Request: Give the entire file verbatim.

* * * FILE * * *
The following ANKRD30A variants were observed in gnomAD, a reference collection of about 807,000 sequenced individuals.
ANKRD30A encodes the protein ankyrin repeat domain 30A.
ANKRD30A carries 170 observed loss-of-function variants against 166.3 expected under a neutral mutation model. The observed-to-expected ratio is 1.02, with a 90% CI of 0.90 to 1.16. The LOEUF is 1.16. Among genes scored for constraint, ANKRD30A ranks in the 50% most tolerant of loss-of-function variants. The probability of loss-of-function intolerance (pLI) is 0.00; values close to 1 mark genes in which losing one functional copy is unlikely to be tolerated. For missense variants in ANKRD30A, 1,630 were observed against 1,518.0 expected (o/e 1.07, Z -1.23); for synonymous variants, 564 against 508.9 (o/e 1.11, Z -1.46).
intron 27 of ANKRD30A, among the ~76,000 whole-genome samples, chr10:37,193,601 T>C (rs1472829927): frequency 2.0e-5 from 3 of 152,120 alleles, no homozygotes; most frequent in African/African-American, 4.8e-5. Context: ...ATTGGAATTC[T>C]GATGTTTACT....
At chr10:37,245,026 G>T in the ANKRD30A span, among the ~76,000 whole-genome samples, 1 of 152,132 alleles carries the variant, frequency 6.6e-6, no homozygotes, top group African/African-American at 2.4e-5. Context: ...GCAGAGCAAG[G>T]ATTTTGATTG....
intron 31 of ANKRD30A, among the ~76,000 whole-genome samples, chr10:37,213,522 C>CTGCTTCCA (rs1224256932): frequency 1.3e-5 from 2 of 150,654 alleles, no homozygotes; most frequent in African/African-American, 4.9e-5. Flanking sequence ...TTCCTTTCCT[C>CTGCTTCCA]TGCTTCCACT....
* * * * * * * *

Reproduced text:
The following ANKRD30A variants were observed in gnomAD, a reference collection of about 807,000 sequenced individuals.
ANKRD30A encodes the protein ankyrin repeat domain 30A.
ANKRD30A carries 170 observed loss-of-function variants against 166.3 expected under a neutral mutation model. The observed-to-expected ratio is 1.02, with a 90% CI of 0.90 to 1.16. The LOEUF is 1.16. Among genes scored for constraint, ANKRD30A ranks in the 50% most tolerant of loss-of-function variants. The probability of loss-of-function intolerance (pLI) is 0.00; values close to 1 mark genes in which losing one functional copy is unlikely to be tolerated. For missense variants in ANKRD30A, 1,630 were observed against 1,518.0 expected (o/e 1.07, Z -1.23); for synonymous variants, 564 against 508.9 (o/e 1.11, Z -1.46).
intron 27 of ANKRD30A, among the ~76,000 whole-genome samples, chr10:37,193,601 T>C (rs1472829927): frequency 2.0e-5 from 3 of 152,120 alleles, no homozygotes; most frequent in African/African-American, 4.8e-5. Context: ...ATTGGAATTC[T>C]GATGTTTACT....
At chr10:37,245,026 G>T in the ANKRD30A span, among the ~76,000 whole-genome samples, 1 of 152,132 alleles carries the variant, frequency 6.6e-6, no homozygotes, top group African/African-American at 2.4e-5. Context: ...GCAGAGCAAG[G>T]ATTTTGATTG....
intron 31 of ANKRD30A, among the ~76,000 whole-genome samples, chr10:37,213,522 C>CTGCTTCCA (rs1224256932): frequency 1.3e-5 from 2 of 150,654 alleles, no homozygotes; most frequent in African/African-American, 4.9e-5. Flanking sequence ...TTCCTTTCCT[C>CTGCTTCCA]TGCTTCCACT....